When I was in the fourth grade, my sister, brother, and I responded to a hell-fire and brimstone altar call at the Bible Baptist Church in Rantoul, Illinois. My mother had been raised a Christian by devout Methodist parents, and her brother was a Methodist minister. But she also became “born again” and raised the bar. She got baptised in the church’s baptismal tank, which amounted to a declaration of war between her and my father. From then on, it was us against him.
Mom and Dad were now “unequally yoked,” and the pressure was on for him to see the light and accept Jesus as his Lord and Saviour. But Dad, who had been raised by an Army chaplain with a mean streak, would have none of it.
After Dad retired from the Air Force, we headed west, where he and Mom owned an unfinished house in Roy, Washington. There, we attended the Roy Missionary Church, where I eventually became a Sunday school teacher, youth group leader, and camp counselor.
It was while preparing one of my “sermons” for the youth group that I realized God was too small. I went out onto my grandfather’s land and prayed, “God, this is too easy. I could fit you into a shoebox and that can’t be right. Show me how big you are.”
At that time, I had my first serious boyfriend. His mother had died of cancer when his little sister was nine, and I had a special place in my heart for her. Jill was one of the brightest lights and most deeply spiritual people I’d ever met. She joined our youth group and caught the eye of Mike, who asked me to help him write poems with which to woo her. Soon, Mike and Jill fell in love.
I lived with my parents during my first two years of college and then packed my car and headed to Seattle Pacific University for the last two years. On my way out of town, I stopped by the cemetary where Jill’s mother was buried, knelt by her grave, and prayed, “God, I can’t take care of Jill anymore. Please take care of her for me.”
In the winter of my senior year at college, Mike and Jill were killed in a car accident. It took place right in front of Jill’s house and her father was the first one on the scene.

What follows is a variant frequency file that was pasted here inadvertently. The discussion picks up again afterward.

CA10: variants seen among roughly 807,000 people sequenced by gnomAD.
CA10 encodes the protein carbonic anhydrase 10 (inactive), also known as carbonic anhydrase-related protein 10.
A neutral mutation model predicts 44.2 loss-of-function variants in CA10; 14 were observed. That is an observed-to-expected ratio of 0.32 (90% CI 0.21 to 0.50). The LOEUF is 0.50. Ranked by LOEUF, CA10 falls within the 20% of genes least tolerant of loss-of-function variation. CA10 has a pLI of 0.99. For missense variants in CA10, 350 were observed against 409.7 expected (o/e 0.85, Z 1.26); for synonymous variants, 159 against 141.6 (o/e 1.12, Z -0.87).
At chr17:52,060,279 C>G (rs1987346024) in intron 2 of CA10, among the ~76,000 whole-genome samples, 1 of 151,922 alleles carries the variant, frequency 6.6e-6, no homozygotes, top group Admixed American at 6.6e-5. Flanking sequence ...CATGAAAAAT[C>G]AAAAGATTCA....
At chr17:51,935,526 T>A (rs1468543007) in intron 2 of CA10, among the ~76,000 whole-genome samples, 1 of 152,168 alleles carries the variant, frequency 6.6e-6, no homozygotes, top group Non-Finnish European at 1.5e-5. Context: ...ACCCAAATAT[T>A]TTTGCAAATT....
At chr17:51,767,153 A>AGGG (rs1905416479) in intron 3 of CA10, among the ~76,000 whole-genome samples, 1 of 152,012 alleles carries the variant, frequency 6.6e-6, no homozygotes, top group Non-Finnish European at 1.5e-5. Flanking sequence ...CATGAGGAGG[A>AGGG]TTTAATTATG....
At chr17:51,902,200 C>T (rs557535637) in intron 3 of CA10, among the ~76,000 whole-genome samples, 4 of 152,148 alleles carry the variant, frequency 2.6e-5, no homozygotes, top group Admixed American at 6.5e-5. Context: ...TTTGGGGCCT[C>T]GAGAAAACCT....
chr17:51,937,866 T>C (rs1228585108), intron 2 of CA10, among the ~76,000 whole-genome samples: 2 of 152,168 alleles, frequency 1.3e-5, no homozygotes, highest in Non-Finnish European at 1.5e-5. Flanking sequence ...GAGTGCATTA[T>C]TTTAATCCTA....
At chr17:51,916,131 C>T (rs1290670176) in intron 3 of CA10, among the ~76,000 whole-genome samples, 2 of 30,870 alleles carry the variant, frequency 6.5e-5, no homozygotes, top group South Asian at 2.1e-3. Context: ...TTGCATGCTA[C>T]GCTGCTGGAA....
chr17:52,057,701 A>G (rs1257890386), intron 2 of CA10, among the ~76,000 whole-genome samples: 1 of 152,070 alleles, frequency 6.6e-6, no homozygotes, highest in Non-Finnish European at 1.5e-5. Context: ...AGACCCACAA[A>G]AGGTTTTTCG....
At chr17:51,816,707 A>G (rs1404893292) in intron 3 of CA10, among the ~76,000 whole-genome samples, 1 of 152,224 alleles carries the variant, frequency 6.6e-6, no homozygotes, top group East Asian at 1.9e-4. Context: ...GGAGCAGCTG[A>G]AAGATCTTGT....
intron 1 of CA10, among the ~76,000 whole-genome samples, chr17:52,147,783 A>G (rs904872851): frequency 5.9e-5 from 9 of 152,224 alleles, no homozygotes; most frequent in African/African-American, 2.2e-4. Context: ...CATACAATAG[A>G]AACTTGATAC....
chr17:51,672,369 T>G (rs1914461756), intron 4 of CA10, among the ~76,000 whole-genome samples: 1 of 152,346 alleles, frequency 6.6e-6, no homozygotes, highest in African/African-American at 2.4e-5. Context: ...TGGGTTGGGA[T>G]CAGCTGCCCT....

Jill’s father asked me to speak at the funeral, which I did. Seeing Jill’s broken body in a casket was difficult, but having both caskets in front of me while addressing the hundreds of people who attended the funeral was even harder. It was, without question, the most gut-wrenching thing I’ve ever done.
When Mike and Jill’s lives ended, my war with God began. I had asked–I had specifically asked–God to take care of Jill, and he killed her. If he didn’t outright kill her, then he failed to prevent her death, which was just as bad.
The prayer I’d said on my grandfather’s land had been answered–this God certainly didn’t fit in a shoebox. I felt completely betrayed and wanted nothing to do with him. My faith crumbled. The black-and-white world in which I had found comfort vanished. I was adrift on seas of gray under an angry sky and lost sight of everything that had once lent order to my universe.
Oddly, it never occurred to me not to believe in God–I guess I needed him to exist so I’d have someone to blame. I eventually rebuilt a spiritual world view that made sense to me, but it took almost 20 years to do it. It is nothing like my mother’s.
My mother believes that Mike and Jill, who had been together for a number of years, may have been finding it difficult to keep from getting physical with each other. She believes that God “took” them before they managed to fornicate. “You mean death is better than premarital sex?” I asked her. “Yes,” she said, nodding sadly.
* The illustration, by Kris Wiltse, is from the “Hopeless” card, which is part of the Mixed Emotions card deck.